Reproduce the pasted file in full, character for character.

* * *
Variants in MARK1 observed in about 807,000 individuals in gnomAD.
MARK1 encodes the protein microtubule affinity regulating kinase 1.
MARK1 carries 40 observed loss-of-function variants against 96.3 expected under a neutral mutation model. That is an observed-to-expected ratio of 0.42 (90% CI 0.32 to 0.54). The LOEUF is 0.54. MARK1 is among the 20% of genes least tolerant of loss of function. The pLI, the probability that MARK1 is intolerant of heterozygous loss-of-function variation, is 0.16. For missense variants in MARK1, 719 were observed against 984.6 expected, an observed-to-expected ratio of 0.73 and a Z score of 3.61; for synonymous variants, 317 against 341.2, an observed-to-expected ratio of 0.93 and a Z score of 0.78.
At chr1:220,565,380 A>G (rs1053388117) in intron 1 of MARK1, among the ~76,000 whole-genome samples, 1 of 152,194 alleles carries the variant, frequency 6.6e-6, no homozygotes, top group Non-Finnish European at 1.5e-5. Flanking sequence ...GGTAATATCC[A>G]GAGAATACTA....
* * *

Variants in MARK1 observed in about 807,000 individuals in gnomAD.
MARK1 encodes the protein microtubule affinity regulating kinase 1.
MARK1 carries 40 observed loss-of-function variants against 96.3 expected under a neutral mutation model. That is an observed-to-expected ratio of 0.42 (90% CI 0.32 to 0.54). The LOEUF is 0.54. MARK1 is among the 20% of genes least tolerant of loss of function. The pLI, the probability that MARK1 is intolerant of heterozygous loss-of-function variation, is 0.16. For missense variants in MARK1, 719 were observed against 984.6 expected, an observed-to-expected ratio of 0.73 and a Z score of 3.61; for synonymous variants, 317 against 341.2, an observed-to-expected ratio of 0.93 and a Z score of 0.78.
At chr1:220,565,380 A>G (rs1053388117) in intron 1 of MARK1, among the ~76,000 whole-genome samples, 1 of 152,194 alleles carries the variant, frequency 6.6e-6, no homozygotes, top group Non-Finnish European at 1.5e-5. Flanking sequence ...GGTAATATCC[A>G]GAGAATACTA....